Once you have gained access to the shell you can run the ‘ls’ command to see the list of files. All application private data is stored in the ‘data’ directory. You can go into this directory using the command ‘cd data’. However if you try to see the list of files in this directory using the ‘ls’ command on a locked phone you will get an error message since you do not have root/admin access to the phone. On the emulator you have root access and hence you will be able to navigate into all directories and see the contents. The application private data is stored under ‘data/data/PACKAGE_NAME’. For instance ‘data/data/apcmag.examples’ will contain data for the applications that we will build and you will be able to see it in the emulator directly.

Once in the shell of your device (or emulator) you can see the contents stored on the SD card as well. In order to do this go to the root directory of your device and then type ‘cd sdcard’. Here you can list the files using the ‘ls’ command. This area is not private even on a locked phone so you will be able to see the contents and navigate around. Even if your phone does not have an SD card this directory is created (virtually) for you by the operating system and hence you will see this directory.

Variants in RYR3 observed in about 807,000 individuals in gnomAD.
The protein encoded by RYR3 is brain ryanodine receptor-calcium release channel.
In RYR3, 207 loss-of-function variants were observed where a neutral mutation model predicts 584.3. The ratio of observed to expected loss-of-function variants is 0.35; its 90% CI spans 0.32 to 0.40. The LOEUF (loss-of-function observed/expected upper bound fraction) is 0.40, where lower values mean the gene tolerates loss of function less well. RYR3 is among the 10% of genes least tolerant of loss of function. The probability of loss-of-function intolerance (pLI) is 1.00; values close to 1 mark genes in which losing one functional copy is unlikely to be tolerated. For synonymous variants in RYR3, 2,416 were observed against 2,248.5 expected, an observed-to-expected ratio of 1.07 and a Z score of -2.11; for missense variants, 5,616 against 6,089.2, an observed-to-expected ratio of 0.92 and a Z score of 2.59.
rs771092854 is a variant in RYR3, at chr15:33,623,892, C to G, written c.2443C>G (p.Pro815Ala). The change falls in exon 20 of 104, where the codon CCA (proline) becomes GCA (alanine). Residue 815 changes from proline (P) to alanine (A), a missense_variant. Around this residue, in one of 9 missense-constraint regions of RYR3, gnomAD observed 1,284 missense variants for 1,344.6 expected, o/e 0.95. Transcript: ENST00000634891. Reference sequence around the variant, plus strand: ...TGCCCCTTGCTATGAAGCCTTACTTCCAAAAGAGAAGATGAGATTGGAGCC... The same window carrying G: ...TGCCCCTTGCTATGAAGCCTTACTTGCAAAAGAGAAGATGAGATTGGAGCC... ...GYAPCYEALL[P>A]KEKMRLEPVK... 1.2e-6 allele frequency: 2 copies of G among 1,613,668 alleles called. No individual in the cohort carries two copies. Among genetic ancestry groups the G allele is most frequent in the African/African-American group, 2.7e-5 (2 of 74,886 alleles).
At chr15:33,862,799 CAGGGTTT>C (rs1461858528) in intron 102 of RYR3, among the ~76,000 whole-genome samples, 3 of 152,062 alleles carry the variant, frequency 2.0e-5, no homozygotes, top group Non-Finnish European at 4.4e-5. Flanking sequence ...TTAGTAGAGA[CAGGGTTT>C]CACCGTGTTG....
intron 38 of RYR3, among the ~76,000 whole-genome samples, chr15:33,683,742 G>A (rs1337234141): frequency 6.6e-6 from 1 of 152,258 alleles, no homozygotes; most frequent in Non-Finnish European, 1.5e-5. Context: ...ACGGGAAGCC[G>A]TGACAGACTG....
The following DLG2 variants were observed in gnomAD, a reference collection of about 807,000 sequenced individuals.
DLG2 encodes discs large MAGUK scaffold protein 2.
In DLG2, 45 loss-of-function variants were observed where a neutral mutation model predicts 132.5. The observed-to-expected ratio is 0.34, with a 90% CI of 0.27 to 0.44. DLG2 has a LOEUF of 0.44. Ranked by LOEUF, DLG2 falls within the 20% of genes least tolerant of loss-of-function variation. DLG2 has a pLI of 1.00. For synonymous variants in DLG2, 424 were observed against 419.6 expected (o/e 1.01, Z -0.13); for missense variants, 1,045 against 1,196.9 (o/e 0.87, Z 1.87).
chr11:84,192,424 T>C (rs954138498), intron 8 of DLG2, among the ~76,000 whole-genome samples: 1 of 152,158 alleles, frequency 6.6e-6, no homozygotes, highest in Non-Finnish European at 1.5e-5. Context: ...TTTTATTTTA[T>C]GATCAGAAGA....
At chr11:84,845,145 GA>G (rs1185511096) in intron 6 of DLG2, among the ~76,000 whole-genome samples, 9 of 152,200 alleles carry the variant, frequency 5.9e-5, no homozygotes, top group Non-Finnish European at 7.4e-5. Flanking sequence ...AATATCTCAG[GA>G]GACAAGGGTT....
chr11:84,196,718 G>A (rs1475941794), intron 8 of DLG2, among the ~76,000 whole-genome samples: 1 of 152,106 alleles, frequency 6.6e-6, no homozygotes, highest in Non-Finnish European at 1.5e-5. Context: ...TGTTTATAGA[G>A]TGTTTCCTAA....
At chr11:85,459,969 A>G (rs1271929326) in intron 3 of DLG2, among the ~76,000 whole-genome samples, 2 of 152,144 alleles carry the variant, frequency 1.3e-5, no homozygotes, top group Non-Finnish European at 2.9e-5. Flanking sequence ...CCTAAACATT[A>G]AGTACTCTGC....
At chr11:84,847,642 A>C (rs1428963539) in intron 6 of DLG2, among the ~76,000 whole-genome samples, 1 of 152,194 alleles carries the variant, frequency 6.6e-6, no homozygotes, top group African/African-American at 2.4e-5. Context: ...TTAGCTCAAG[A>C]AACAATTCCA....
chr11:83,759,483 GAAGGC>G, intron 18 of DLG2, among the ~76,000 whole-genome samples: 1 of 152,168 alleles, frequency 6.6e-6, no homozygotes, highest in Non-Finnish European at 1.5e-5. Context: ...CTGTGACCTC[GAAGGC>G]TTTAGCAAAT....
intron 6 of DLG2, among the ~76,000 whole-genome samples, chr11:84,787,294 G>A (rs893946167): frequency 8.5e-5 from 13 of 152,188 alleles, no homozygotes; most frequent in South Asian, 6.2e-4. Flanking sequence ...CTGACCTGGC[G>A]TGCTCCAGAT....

The adb command also allows us to pull files from the device and push them up if needed. On my phone I have a weather application that stores (caches) background images for the weather radar on the SD card. The following command illustrates how to download images stored by this app to your computer but this applies to any file stored on your phone.

	
	$ adb -d pull /sdcard/AussieWeatherRadar ./AWR
	pull: building file list...
	pull: /sdcard/AussieWeatherRadar/IDR023range_img -> ./AWR/IDR023range_img